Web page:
Case of Investigation of Marriage for Naturalization through Marriage

We received a denial sent to us by Agencia ALPHA, of a client who applied for naturalization through marriage. We were quite surprised and alarmed by the independent investigation USCIS conducted and invasive steps USCIS took, so wanted to share with you all.

 

The denial is predicated on USCIS’s finding that there was no bona fide marriage. Although the applicant had been married to a USC since 2008, the applicant submitted little documentation that supported a valid marriage. The applicant submitted a lease, electric bill, and internet bill in her name only. She also provided a letter from the Social Security Administration in her husband’s name, which listed a homeless shelter as his address. This letter “strongly suggested” that he husband was residing at a homeless shelter.

 

After receiving an RFE to provide more documentation to establish the validity of the marriage, the applicant submitted, among other documents, supporting letters from friends, joint tax returns and joint bank statements. USCIS investigated the bank account and noted that “it appeared that the joint bank statements were opened to create a record of shared finances solely for immigration purposes, as there is hardly any balance.” USCIS also noted that there were no pictures depicting a shared marital relationship over four and a half years.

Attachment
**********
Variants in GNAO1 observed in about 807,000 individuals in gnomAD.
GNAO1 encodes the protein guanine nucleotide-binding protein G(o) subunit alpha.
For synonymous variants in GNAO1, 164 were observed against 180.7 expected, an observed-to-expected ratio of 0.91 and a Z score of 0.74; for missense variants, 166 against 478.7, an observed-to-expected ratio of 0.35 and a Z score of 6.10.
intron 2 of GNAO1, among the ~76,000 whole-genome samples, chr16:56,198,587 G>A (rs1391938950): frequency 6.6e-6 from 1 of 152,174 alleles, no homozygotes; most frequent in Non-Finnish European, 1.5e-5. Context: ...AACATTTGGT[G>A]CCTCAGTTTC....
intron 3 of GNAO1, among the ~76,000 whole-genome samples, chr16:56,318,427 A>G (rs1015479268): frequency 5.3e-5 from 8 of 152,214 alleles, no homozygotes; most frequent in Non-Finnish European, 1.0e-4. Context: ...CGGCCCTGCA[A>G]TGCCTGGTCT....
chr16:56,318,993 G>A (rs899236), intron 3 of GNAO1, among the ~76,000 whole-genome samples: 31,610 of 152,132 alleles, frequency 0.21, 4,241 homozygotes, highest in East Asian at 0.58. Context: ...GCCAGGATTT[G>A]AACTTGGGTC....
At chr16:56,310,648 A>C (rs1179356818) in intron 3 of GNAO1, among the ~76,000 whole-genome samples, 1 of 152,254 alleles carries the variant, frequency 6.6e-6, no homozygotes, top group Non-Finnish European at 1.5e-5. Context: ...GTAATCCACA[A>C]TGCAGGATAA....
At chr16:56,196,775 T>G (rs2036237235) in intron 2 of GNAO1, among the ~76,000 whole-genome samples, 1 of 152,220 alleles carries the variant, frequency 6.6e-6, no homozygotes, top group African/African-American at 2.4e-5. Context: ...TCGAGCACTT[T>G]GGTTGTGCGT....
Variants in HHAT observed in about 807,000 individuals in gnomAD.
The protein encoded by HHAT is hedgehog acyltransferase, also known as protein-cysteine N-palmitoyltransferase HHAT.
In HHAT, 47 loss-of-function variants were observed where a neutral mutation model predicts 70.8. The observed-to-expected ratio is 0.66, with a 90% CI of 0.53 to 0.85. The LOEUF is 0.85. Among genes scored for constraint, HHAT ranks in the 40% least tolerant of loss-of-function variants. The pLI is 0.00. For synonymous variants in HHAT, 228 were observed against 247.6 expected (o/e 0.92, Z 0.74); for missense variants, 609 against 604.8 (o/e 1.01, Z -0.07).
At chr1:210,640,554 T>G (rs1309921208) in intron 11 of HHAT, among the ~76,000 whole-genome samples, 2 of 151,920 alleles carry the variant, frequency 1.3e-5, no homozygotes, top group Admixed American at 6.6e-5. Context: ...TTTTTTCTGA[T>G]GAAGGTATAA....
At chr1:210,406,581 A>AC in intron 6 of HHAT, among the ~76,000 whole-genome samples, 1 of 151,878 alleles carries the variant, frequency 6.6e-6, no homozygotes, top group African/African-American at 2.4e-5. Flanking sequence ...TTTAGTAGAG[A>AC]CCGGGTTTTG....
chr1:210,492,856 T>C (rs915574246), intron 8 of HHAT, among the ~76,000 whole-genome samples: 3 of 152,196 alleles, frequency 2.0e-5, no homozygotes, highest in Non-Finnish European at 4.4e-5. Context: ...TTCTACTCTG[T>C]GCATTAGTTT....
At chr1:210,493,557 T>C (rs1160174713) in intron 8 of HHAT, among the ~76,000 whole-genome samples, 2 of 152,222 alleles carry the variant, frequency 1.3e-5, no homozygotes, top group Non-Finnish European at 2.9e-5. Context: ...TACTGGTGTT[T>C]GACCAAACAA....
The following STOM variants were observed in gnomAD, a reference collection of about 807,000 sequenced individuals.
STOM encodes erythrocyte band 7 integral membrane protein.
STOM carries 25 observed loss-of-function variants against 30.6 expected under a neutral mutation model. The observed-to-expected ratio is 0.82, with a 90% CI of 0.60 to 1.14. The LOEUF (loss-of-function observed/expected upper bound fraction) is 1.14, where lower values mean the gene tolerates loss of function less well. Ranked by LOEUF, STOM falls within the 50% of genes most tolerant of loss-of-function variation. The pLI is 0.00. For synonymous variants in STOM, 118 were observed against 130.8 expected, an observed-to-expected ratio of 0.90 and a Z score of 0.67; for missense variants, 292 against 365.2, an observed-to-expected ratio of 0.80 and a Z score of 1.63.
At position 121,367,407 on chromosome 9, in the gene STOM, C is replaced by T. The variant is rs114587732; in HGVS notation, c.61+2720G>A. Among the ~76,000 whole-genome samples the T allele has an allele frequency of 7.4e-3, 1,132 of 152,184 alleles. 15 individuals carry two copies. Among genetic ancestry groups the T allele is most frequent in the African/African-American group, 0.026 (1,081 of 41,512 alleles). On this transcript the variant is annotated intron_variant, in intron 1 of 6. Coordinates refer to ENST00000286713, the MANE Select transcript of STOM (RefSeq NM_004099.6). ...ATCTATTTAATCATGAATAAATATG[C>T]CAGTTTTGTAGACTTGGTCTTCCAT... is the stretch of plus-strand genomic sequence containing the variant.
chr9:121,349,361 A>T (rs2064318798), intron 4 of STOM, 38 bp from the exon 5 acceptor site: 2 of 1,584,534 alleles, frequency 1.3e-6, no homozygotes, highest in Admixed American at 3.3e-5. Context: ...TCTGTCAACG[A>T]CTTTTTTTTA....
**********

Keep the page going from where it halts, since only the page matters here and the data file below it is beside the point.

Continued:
Perhaps most notable, USCIS Officers visited the applicant at the address she provided on the N-400 and questioned the applicant as to where her husband was, and where his birth certificate, passport, and other important documents were. Further, the Officers searched the applicant’s bedroom and found numerous prescription medication bottles containing a man’s name who was not her husband. USCIS also visited the applicant’s property manager and requested the rental applicant, annual recertifications, and any notifications of individuals moving in and out of the household in the last five years. Based on the totality of the evidence, USCIS concluded that the petitioner never resided in martial union with her husband.

 

This denial demonstrates the danger for clients who enter into a marriage for the purpose of obtaining immigration benefits. USCIS may scrutinize records and make home visits to determine whether spouses have resided together in marital union. Applicants must present sufficient evidence of a bona fide marriage to meet the requirements to naturalize through marriage.